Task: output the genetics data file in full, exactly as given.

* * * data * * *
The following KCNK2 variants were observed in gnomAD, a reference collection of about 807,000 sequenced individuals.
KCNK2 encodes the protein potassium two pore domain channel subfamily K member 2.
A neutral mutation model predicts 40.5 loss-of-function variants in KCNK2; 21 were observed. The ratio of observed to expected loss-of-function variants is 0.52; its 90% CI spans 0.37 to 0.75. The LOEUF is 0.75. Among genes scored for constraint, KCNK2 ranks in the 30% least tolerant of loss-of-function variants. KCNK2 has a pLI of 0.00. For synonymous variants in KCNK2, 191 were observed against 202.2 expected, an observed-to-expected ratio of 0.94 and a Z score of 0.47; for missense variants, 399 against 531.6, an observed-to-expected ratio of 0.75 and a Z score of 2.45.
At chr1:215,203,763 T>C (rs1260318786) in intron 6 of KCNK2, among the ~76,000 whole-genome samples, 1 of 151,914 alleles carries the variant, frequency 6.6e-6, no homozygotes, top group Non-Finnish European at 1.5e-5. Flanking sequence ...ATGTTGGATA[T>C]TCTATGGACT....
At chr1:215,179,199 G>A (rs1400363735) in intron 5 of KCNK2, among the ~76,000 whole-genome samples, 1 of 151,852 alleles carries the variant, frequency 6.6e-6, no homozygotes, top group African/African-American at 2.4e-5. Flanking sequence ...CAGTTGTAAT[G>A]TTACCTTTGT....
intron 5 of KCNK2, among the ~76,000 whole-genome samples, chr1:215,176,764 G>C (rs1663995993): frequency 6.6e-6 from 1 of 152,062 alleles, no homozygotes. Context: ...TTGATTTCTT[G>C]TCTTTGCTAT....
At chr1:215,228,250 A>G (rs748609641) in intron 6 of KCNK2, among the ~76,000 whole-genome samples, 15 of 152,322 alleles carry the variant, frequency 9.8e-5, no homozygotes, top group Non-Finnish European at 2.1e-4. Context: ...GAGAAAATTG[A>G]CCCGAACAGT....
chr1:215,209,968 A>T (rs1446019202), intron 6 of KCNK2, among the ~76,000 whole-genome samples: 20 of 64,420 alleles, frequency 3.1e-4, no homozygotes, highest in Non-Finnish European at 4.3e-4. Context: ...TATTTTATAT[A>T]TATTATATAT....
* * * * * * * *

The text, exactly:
The following KCNK2 variants were observed in gnomAD, a reference collection of about 807,000 sequenced individuals.
KCNK2 encodes the protein potassium two pore domain channel subfamily K member 2.
A neutral mutation model predicts 40.5 loss-of-function variants in KCNK2; 21 were observed. The ratio of observed to expected loss-of-function variants is 0.52; its 90% CI spans 0.37 to 0.75. The LOEUF is 0.75. Among genes scored for constraint, KCNK2 ranks in the 30% least tolerant of loss-of-function variants. KCNK2 has a pLI of 0.00. For synonymous variants in KCNK2, 191 were observed against 202.2 expected, an observed-to-expected ratio of 0.94 and a Z score of 0.47; for missense variants, 399 against 531.6, an observed-to-expected ratio of 0.75 and a Z score of 2.45.
At chr1:215,203,763 T>C (rs1260318786) in intron 6 of KCNK2, among the ~76,000 whole-genome samples, 1 of 151,914 alleles carries the variant, frequency 6.6e-6, no homozygotes, top group Non-Finnish European at 1.5e-5. Flanking sequence ...ATGTTGGATA[T>C]TCTATGGACT....
At chr1:215,179,199 G>A (rs1400363735) in intron 5 of KCNK2, among the ~76,000 whole-genome samples, 1 of 151,852 alleles carries the variant, frequency 6.6e-6, no homozygotes, top group African/African-American at 2.4e-5. Flanking sequence ...CAGTTGTAAT[G>A]TTACCTTTGT....
intron 5 of KCNK2, among the ~76,000 whole-genome samples, chr1:215,176,764 G>C (rs1663995993): frequency 6.6e-6 from 1 of 152,062 alleles, no homozygotes. Context: ...TTGATTTCTT[G>C]TCTTTGCTAT....
At chr1:215,228,250 A>G (rs748609641) in intron 6 of KCNK2, among the ~76,000 whole-genome samples, 15 of 152,322 alleles carry the variant, frequency 9.8e-5, no homozygotes, top group Non-Finnish European at 2.1e-4. Context: ...GAGAAAATTG[A>G]CCCGAACAGT....
chr1:215,209,968 A>T (rs1446019202), intron 6 of KCNK2, among the ~76,000 whole-genome samples: 20 of 64,420 alleles, frequency 3.1e-4, no homozygotes, highest in Non-Finnish European at 4.3e-4. Context: ...TATTTTATAT[A>T]TATTATATAT....